Liberty University Finishes Semester with Zero COVID-19 Cases Despite Reopening


A Christian university in Virginia says it finished its semester without any coronavirus cases despite receiving sharp criticism over its president’s decision to keep the campus open for students.

Liberty University president Jerry Falwell Jr. was widely condemned for his decision to reopen his campus to students who had nowhere else to go in March.

“We have a campus built for 16,000,” Falwell said on Fox News’ “The Ingraham Angle” in May.

“Twelve hundred students came back to stay in the dorms for seven weeks and they were students who either didn’t have high-speed internet, had elderly relatives living at home or were international students,” he said.

As the semester comes to an end, Falwell announced that there were no cases of COVID-19 on campus.

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“We are thankful to God that nobody who lived in a campus residence hall or who worked in a campus office tested positive for the virus,” he said in a farewell note, The College Fix reported.

“No positive COVID-19 test anywhere in our region was linked to Liberty students who returned to their dorm rooms after Spring Break.”

Falwell added that the only cases of the novel coronavirus in the university community were employees working from home or off-campus and “their infections were all traced to contacts in the local community.”

After students were welcomed back in March, health specialists inspected the campus amid concerns from the community, according to WDBJ-TV in Roanoke.

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The Central Virginia Health District did not find any violations of Virginia’s executive order that restricted certain businesses and organizations’ operations during the coronavirus pandemic.

“Food in the areas, including the buffet line, was being served by employees. Usual self-serve products, like bags of chips, were relocated behind countertops, while condiments were given in single packets,” the local report read.

“Staff were sanitizing equipment like soda machines and utensil dispensers every fifteen minutes.”

Despite passing the surprise health investigation, Falwell still received a lot of criticism from the mainstream media and commenters on social media.

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“Well, if you’re a conservative college president, be careful because they’ll come after you,” he told Laura Ingraham in May.

“It’s totally political. It was totally political. And it was just so reprehensible how they did it. They spent days on campus. The New York Times reporter and the other reporter [from] ProPublica. And even though there were ‘No Trespassing’ signs everywhere, [they] never called to ask us for any comment. Never talked to our on-campus doctor.”

Although the residential halls and other campus buildings were opened, Liberty held online classes and restricted the number of people in buildings.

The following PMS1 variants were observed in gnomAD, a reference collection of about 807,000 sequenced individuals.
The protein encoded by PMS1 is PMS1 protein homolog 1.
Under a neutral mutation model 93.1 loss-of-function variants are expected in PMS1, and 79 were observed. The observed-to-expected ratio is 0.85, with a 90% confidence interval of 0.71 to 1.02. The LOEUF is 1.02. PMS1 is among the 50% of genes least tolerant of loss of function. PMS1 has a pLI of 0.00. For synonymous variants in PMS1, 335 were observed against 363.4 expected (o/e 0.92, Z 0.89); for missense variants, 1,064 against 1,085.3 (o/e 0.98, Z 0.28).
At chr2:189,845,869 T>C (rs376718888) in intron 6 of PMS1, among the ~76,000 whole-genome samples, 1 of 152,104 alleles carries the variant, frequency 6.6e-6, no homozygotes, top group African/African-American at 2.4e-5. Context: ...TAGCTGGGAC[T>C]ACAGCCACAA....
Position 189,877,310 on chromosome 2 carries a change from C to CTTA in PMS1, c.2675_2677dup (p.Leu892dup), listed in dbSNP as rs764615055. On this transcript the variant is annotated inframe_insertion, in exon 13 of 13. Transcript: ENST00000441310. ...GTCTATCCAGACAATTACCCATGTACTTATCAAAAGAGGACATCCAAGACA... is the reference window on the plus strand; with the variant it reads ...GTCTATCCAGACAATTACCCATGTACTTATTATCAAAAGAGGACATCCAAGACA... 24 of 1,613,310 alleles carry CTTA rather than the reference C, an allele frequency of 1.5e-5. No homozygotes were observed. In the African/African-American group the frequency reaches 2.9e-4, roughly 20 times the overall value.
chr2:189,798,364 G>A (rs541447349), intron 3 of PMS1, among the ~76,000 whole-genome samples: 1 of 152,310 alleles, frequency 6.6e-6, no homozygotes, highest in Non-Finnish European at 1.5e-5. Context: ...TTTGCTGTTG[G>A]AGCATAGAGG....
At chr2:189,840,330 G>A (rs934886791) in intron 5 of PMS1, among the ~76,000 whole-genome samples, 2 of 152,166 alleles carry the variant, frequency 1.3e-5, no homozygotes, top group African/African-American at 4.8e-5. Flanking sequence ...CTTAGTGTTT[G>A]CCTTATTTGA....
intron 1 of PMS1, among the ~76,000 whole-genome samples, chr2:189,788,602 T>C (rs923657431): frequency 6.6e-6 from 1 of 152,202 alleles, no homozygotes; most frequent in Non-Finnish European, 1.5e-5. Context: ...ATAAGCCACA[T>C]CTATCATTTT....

“There were no places to sit and relax as all tables, chairs and booths were taped off and closed due to the virus,” senior Carter Chapman told The College Fix.

Falwell said universities have an obligation to their students and institutions need to consider that when deciding whether to reopen campus in the fall.

“I think colleges have an obligation to do whatever they can to continue the student’s education. That’s what we did,” Falwell said.

“We do it in a safe manner. We really became the model. We had all takeout at our restaurants. We had social distancing. All the academic buildings were open so they could spread out. And … it worked perfectly.”

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Erin Coates was an editor for The Western Journal for over two years before becoming a news writer. A University of Oregon graduate, Erin has conducted research in data journalism and contributed to various publications as a writer and editor.
Erin Coates was an editor for The Western Journal for over two years before becoming a news writer. She grew up in San Diego, California, proceeding to attend the University of Oregon and graduate with honors holding a degree in journalism. During her time in Oregon, Erin was an associate editor for Ethos Magazine and a freelance writer for Eugene Magazine. She has conducted research in data journalism, which has been published in the book “Data Journalism: Past, Present and Future.” Erin is an avid runner with a heart for encouraging young girls and has served as a coach for the organization Girls on the Run. As a writer and editor, Erin strives to promote social dialogue and tell the story of those around her.
Tucson, Arizona
Graduated with Honors
Bachelor of Arts in Journalism, University of Oregon
Books Written
Contributor for Data Journalism: Past, Present and Future
Prescott, Arizona
Languages Spoken
English, French
Topics of Expertise
Politics, Health, Entertainment, Faith